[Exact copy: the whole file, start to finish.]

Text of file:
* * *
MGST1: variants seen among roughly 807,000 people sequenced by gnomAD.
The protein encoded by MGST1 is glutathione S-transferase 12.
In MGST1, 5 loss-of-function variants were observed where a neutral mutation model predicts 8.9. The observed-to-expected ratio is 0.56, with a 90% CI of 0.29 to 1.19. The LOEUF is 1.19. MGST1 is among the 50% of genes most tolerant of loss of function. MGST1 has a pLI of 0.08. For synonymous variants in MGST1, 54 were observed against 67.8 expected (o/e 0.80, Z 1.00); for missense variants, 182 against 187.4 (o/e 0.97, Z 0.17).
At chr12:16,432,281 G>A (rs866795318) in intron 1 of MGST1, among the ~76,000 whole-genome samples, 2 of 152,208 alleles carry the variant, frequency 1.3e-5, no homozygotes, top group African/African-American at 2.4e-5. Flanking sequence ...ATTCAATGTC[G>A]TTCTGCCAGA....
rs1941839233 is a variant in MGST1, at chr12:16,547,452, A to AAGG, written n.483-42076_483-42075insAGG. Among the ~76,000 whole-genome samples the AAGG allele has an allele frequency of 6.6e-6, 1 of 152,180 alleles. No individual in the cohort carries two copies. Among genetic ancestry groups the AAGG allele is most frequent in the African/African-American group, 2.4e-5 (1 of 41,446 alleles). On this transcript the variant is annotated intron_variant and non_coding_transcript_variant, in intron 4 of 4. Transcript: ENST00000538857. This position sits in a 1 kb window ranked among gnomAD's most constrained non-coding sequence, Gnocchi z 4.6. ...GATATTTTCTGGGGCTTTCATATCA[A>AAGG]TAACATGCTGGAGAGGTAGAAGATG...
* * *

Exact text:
MGST1: variants seen among roughly 807,000 people sequenced by gnomAD.
The protein encoded by MGST1 is glutathione S-transferase 12.
In MGST1, 5 loss-of-function variants were observed where a neutral mutation model predicts 8.9. The observed-to-expected ratio is 0.56, with a 90% CI of 0.29 to 1.19. The LOEUF is 1.19. MGST1 is among the 50% of genes most tolerant of loss of function. MGST1 has a pLI of 0.08. For synonymous variants in MGST1, 54 were observed against 67.8 expected (o/e 0.80, Z 1.00); for missense variants, 182 against 187.4 (o/e 0.97, Z 0.17).
At chr12:16,432,281 G>A (rs866795318) in intron 1 of MGST1, among the ~76,000 whole-genome samples, 2 of 152,208 alleles carry the variant, frequency 1.3e-5, no homozygotes, top group African/African-American at 2.4e-5. Flanking sequence ...ATTCAATGTC[G>A]TTCTGCCAGA....
rs1941839233 is a variant in MGST1, at chr12:16,547,452, A to AAGG, written n.483-42076_483-42075insAGG. Among the ~76,000 whole-genome samples the AAGG allele has an allele frequency of 6.6e-6, 1 of 152,180 alleles. No individual in the cohort carries two copies. Among genetic ancestry groups the AAGG allele is most frequent in the African/African-American group, 2.4e-5 (1 of 41,446 alleles). On this transcript the variant is annotated intron_variant and non_coding_transcript_variant, in intron 4 of 4. Transcript: ENST00000538857. This position sits in a 1 kb window ranked among gnomAD's most constrained non-coding sequence, Gnocchi z 4.6. ...GATATTTTCTGGGGCTTTCATATCA[A>AAGG]TAACATGCTGGAGAGGTAGAAGATG...